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UPDATED: Canada Is Legalizing Marijuana, But Imposing Tough Penalties For Offenders Of New Laws

Earlier today, Prime Minister Justin Trudeau's government introduced legislation to legalize recreational marijuana in Canada, but the harsh language of the new legislation might be a buzzkill for the country's cannabis advocates. The cannabis bills introduced today will impose "significant penalties" for anyone who breaks Canada's new marijuana rules.

But let's start with the bright side. Prime Minister Trudeau's cannabis legislation would allow adults 18 or over to possess up to 30 grams of cannabis in public. They can also share cannabis with each other or buy it as well as cannabis oil and other cannabis products from retailers regulated by Canada's provinces and territories. 

Canadians would also be allowed to grow up to four plants at home for personal use. That's four per resident, not per residence. So a home with two adults could grow up to eight plants. And they can craft their own cannabis products at home. 

So far so good, right? Well, let's get to the penalties outlined in the bill. The toughest penalty by far the 14-year prison sentence Canadians could face for providing marijuana to minors. And anyone who creates cannabis products that appeal to youths or promotes cannabis products to minors can face up to three years in jail and a fine of $5-million dollars. 

So if you had any ideas of creating THC-infused gummies shaped like SpongeBob SquarePants, think again. And don't get any ideas about shipping legal cannabis to America or elsewhere in the world. The government's new legislation would uphold the current ban on exporting marijuana from or importing cannabis into Canada.

The government promised to be similarly severe with drugged drivers. Anyone caught driving with prohibited levels of THC in their blood would face punishment. And the government promised to take a "zero-tolerance approach" to drug-impaired driving.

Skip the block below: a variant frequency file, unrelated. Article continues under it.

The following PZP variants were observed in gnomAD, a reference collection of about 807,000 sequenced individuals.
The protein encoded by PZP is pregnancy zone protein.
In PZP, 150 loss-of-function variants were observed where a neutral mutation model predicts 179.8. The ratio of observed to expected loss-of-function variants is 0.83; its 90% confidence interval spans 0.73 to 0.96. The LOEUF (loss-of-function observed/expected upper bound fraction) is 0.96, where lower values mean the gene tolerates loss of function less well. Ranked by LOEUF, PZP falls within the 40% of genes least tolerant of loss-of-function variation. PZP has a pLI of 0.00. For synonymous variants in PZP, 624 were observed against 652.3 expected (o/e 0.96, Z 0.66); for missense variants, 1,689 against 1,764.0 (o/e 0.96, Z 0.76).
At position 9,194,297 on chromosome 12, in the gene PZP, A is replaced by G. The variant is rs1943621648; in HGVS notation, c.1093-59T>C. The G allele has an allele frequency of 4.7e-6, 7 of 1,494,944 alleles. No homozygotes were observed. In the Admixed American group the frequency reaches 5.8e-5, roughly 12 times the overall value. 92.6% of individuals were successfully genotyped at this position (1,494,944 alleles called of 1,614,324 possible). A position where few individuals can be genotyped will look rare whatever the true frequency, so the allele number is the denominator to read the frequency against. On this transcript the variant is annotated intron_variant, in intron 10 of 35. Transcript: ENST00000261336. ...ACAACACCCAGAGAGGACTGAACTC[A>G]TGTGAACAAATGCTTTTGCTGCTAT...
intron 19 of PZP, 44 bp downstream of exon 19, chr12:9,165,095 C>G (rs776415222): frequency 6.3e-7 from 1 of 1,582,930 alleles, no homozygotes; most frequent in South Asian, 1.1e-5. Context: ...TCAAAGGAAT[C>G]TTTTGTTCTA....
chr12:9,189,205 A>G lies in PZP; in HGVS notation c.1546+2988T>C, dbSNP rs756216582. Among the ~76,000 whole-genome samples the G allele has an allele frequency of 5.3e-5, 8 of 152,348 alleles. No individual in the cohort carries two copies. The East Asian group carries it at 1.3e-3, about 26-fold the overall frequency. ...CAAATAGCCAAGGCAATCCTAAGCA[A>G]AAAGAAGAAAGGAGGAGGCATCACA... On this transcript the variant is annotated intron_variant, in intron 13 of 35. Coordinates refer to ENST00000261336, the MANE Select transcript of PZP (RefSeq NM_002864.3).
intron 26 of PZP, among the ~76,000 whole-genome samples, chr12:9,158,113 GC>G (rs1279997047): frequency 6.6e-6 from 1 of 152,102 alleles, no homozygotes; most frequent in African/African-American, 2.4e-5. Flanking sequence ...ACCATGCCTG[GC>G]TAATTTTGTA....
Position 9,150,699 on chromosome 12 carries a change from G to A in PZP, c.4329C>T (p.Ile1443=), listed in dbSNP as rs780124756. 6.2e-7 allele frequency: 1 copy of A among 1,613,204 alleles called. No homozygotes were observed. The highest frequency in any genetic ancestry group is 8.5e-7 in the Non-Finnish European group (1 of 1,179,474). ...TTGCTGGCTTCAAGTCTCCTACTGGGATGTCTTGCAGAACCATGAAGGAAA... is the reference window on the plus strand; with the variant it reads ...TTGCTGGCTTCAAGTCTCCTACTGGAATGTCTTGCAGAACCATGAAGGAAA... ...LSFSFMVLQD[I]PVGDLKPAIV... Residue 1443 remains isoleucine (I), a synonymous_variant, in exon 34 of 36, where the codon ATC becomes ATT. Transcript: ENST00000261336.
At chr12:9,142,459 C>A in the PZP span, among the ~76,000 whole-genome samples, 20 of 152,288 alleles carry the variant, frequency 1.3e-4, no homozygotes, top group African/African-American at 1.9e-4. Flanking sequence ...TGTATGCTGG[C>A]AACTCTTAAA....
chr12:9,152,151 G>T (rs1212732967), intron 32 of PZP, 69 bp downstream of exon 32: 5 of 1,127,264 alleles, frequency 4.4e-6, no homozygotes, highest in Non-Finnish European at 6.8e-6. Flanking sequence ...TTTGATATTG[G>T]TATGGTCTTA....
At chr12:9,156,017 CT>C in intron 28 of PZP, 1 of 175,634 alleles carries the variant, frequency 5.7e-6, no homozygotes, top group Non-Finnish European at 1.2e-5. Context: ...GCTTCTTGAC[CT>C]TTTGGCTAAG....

Legislators Promise Tough Regulations

If those regulations seem a bit harsh, it's because they're supposed to be. "It is not our intent to promote the use of this drug," Parliamentary Secretary Bill Blair said during a press conference following the introduction of the legislation. "We want to permit more healthful and socially responsible use."

In other words, they don't care if their bills are buzzkills. The purpose of legalization - Blair stressed repeatedly - is to keep cannabis away from kids, and to keep profits from selling marijuana away from organized crime.

"I have spent most of my adult life protecting communities and keeping children safe," said Blair, a retired Toronto police chief. "I know that our country has some of the highest cannabis use rates in the world," he added, noting that an estimated 21 percent of Canadian youths and 30 percent of Canadian adults are illegally using cannabis right now.

"Criminal prohibition," according to Blair, "has failed to protect our kids and our communities."

Secretary Blair was joined at the conference by Justice Minister Jody Wilson-Raybould, Health Minister Jane Philpott, Public Safety Minister Ralph Goodale and Health Minister Jane Philpott, who stressed that the bill was about public health not commerce. The government hopes to profit from legalization by keeping kids and communities safe, not by reaping tax revenues.